The real simplicity of the tool would be it wouldn't care for the details of the 3d model input, just can I load it, display it and navigate it. If you get too specific with multistating 3D symbols, identifying symbol/object types (column, pump, flow meter...) etc then the first version would never get built. Once you can navigate it then dotting around the data and updating the data is run of the mill stuff.
I did like John's definition of eye candy although I like to think such a tool will have some protein to balance the calories.
Rhys, I like your idea. I'd like to relate some comments about "eye candy" displays. Personally, I had the same thought regarding a legacy historian system we used in the past. There was the possibility of building pretty displays using an add-on tool, but I never spent time on it. I thought I needed to spend my time on process control, not on pretty displays.
It was only after we had switched to PI, which does have several nice display features, that I realized how much the users appreciated pretty visual displays. The users generally like PI much better, due to the displays and the mouse driven interfaces, as opposed to keyboard and menu driven interfaces.
The 3D project idea you have proposed seems similar. The "eye candy" metaphor makes it seem like this idea can be dismissed. For that reason, I think the "eye candy" metaphor may not be helpful in this context. Metaphors that don't fully describe the situation can lead to decisions that don't fully fit the problem. Think of the difference between French pate plated and garnished by a top chef, and meatloaf provided by the corner deli. There IS a big difference, even though you could also describe the difference as "eye candy".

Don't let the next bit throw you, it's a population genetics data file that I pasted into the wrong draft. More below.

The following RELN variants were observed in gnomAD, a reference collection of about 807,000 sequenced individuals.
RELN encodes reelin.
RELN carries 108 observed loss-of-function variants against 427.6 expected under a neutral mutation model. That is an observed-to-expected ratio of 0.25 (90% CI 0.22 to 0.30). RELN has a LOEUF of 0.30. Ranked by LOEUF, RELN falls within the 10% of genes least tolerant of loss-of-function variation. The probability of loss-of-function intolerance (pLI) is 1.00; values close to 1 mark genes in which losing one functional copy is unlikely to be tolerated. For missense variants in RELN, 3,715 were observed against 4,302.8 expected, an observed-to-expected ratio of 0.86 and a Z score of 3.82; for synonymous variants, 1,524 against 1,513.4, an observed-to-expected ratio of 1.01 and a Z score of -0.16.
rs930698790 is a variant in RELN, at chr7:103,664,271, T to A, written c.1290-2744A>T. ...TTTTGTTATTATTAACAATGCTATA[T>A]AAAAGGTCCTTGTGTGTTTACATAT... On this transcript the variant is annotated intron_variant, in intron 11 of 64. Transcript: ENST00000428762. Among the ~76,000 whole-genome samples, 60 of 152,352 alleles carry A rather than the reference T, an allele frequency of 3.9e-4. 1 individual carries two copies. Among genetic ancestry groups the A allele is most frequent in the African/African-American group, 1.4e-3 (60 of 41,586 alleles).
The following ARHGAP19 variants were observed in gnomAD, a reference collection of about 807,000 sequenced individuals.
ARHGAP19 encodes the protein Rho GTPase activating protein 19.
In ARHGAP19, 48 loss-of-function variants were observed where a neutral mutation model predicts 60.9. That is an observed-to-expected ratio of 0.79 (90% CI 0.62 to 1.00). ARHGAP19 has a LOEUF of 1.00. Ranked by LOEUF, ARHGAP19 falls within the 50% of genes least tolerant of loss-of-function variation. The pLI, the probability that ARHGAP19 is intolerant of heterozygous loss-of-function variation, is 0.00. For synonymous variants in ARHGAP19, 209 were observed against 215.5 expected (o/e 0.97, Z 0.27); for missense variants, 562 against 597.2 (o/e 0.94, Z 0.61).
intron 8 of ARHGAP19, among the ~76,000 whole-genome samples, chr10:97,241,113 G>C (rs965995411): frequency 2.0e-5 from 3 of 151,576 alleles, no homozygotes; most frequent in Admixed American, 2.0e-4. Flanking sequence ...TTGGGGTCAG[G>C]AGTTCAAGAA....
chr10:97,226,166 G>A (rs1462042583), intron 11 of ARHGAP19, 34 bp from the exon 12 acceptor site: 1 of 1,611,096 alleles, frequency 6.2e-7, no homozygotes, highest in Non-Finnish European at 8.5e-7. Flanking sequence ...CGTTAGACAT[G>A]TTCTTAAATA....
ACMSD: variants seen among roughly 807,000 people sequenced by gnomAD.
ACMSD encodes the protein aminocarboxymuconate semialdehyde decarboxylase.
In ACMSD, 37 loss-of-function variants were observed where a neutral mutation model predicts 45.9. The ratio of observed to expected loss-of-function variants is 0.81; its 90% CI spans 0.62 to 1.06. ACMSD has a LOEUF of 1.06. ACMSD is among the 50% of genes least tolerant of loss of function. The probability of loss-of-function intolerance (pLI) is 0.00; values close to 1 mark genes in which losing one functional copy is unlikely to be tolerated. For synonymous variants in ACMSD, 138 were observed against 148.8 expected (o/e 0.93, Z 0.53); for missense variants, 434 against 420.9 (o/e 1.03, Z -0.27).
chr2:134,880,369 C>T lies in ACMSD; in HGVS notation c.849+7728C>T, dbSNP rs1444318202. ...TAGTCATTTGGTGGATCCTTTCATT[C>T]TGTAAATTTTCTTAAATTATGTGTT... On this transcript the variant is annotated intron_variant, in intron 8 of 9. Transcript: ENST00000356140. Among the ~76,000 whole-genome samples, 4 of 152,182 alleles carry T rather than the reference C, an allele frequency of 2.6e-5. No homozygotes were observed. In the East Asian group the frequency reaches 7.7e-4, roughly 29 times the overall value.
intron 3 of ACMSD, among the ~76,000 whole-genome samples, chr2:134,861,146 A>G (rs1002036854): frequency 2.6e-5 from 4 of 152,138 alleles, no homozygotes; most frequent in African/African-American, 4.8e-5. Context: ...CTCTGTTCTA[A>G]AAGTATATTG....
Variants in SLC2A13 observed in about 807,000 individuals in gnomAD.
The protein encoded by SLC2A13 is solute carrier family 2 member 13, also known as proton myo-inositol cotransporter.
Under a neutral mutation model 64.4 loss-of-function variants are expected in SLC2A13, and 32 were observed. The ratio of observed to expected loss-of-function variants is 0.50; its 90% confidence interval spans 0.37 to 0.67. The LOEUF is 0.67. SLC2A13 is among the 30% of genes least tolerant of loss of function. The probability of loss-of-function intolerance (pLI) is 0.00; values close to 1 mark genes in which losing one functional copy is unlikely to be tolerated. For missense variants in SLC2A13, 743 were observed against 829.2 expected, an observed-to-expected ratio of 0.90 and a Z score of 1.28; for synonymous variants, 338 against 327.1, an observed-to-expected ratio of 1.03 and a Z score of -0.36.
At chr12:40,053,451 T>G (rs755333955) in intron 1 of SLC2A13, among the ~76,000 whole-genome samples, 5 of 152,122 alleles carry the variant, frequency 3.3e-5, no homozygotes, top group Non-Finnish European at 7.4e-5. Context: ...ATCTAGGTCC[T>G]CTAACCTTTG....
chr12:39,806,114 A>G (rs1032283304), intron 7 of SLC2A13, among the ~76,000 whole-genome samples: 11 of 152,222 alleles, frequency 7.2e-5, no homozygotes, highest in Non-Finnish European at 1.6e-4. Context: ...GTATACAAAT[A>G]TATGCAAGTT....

I think the users might make better use of a 3D interface to PI. Like me, developers have a 3D picture already in their mental banks when the 2D picture is shown. That's not true for all users. If the users are more likely to use it with 3D, that's a big benefit. The users are more likely to use PI than the legacy system, mostly for display and navigation reasons. In our plant, we have many older operators retiring and new operators are beginning to learn the ropes. A picture can be worth a thousand words. I think this idea could also help new or rotating Operators to better understand the connection between the PI abstract data, and the physical equipment in the plant. For those who can't quickly convert a 2D image into 3D, this might help.
I found that the pretty displays I had dismissed earlier proved to have a functional advantage. They were used more by Operations. If OSIsoft writes a 3D interface to PI, I think that could have a similar advantage.
Interesting... very interesting...
On a first hand, I definitely think that pretty displays (and, most recently, multi-touch experience) help because people tend to use stuff more when they 1) like what they see and 2) feel they don't have to think (i.e. highly intuitive) to use it. Due to the nature of our world, 3D seems to makes sense to represent objects/places that we deal with every day, but we are so used to seeing pictures and schemas that it seems like a good combination of 2D pictures and schematics would achieve pretty much the same, for much less efforts. And as John pointed out, this kind of 2D mapping is something we are looking into providing in a product from OSIsoft.